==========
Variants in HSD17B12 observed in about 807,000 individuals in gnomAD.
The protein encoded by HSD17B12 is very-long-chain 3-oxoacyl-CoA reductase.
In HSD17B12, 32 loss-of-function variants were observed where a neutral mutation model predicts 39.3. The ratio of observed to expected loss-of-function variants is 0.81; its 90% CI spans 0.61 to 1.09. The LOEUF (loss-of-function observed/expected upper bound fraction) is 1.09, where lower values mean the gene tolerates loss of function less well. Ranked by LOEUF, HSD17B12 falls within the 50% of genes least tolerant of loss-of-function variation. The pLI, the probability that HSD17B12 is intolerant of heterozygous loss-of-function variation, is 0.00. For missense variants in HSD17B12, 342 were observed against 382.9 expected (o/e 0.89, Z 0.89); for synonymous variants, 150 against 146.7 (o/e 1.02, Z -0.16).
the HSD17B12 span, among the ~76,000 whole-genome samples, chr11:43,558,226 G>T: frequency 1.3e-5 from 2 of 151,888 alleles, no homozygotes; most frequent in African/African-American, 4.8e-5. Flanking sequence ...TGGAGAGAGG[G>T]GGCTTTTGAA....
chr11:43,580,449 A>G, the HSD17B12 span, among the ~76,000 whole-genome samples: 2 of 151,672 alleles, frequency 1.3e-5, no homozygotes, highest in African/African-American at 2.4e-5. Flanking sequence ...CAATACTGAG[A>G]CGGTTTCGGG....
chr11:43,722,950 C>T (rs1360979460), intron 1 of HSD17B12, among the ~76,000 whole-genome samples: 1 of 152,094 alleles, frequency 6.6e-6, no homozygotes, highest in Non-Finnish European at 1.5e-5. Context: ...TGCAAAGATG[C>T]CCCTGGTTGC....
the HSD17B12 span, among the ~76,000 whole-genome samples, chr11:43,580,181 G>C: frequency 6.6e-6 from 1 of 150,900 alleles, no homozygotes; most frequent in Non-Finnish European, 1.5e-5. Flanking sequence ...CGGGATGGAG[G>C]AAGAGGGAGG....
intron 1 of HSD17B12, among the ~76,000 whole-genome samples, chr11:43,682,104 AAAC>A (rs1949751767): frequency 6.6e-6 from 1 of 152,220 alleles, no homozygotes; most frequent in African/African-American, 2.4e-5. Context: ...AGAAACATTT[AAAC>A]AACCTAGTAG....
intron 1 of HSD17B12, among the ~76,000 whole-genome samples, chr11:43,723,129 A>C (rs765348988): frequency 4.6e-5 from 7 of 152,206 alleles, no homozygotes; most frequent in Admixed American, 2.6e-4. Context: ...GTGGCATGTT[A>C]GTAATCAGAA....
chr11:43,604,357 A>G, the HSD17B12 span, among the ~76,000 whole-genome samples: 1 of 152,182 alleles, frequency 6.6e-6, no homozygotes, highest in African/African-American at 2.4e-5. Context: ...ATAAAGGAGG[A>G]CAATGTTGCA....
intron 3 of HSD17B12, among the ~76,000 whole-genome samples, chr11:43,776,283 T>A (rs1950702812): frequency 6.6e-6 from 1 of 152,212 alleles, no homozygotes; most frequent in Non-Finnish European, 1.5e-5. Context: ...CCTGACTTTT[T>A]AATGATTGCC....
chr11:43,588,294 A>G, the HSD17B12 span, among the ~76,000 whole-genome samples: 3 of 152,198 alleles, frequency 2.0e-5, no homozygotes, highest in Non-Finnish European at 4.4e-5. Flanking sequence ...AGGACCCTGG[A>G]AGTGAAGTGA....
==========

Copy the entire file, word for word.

Variants in HSD17B12 observed in about 807,000 individuals in gnomAD.
The protein encoded by HSD17B12 is very-long-chain 3-oxoacyl-CoA reductase.
In HSD17B12, 32 loss-of-function variants were observed where a neutral mutation model predicts 39.3. The ratio of observed to expected loss-of-function variants is 0.81; its 90% CI spans 0.61 to 1.09. The LOEUF (loss-of-function observed/expected upper bound fraction) is 1.09, where lower values mean the gene tolerates loss of function less well. Ranked by LOEUF, HSD17B12 falls within the 50% of genes least tolerant of loss-of-function variation. The pLI, the probability that HSD17B12 is intolerant of heterozygous loss-of-function variation, is 0.00. For missense variants in HSD17B12, 342 were observed against 382.9 expected (o/e 0.89, Z 0.89); for synonymous variants, 150 against 146.7 (o/e 1.02, Z -0.16).
the HSD17B12 span, among the ~76,000 whole-genome samples, chr11:43,558,226 G>T: frequency 1.3e-5 from 2 of 151,888 alleles, no homozygotes; most frequent in African/African-American, 4.8e-5. Flanking sequence ...TGGAGAGAGG[G>T]GGCTTTTGAA....
chr11:43,580,449 A>G, the HSD17B12 span, among the ~76,000 whole-genome samples: 2 of 151,672 alleles, frequency 1.3e-5, no homozygotes, highest in African/African-American at 2.4e-5. Flanking sequence ...CAATACTGAG[A>G]CGGTTTCGGG....
chr11:43,722,950 C>T (rs1360979460), intron 1 of HSD17B12, among the ~76,000 whole-genome samples: 1 of 152,094 alleles, frequency 6.6e-6, no homozygotes, highest in Non-Finnish European at 1.5e-5. Context: ...TGCAAAGATG[C>T]CCCTGGTTGC....
the HSD17B12 span, among the ~76,000 whole-genome samples, chr11:43,580,181 G>C: frequency 6.6e-6 from 1 of 150,900 alleles, no homozygotes; most frequent in Non-Finnish European, 1.5e-5. Flanking sequence ...CGGGATGGAG[G>C]AAGAGGGAGG....
intron 1 of HSD17B12, among the ~76,000 whole-genome samples, chr11:43,682,104 AAAC>A (rs1949751767): frequency 6.6e-6 from 1 of 152,220 alleles, no homozygotes; most frequent in African/African-American, 2.4e-5. Context: ...AGAAACATTT[AAAC>A]AACCTAGTAG....
intron 1 of HSD17B12, among the ~76,000 whole-genome samples, chr11:43,723,129 A>C (rs765348988): frequency 4.6e-5 from 7 of 152,206 alleles, no homozygotes; most frequent in Admixed American, 2.6e-4. Context: ...GTGGCATGTT[A>C]GTAATCAGAA....
chr11:43,604,357 A>G, the HSD17B12 span, among the ~76,000 whole-genome samples: 1 of 152,182 alleles, frequency 6.6e-6, no homozygotes, highest in African/African-American at 2.4e-5. Context: ...ATAAAGGAGG[A>G]CAATGTTGCA....
intron 3 of HSD17B12, among the ~76,000 whole-genome samples, chr11:43,776,283 T>A (rs1950702812): frequency 6.6e-6 from 1 of 152,212 alleles, no homozygotes; most frequent in Non-Finnish European, 1.5e-5. Context: ...CCTGACTTTT[T>A]AATGATTGCC....
chr11:43,588,294 A>G, the HSD17B12 span, among the ~76,000 whole-genome samples: 3 of 152,198 alleles, frequency 2.0e-5, no homozygotes, highest in Non-Finnish European at 4.4e-5. Flanking sequence ...AGGACCCTGG[A>G]AGTGAAGTGA....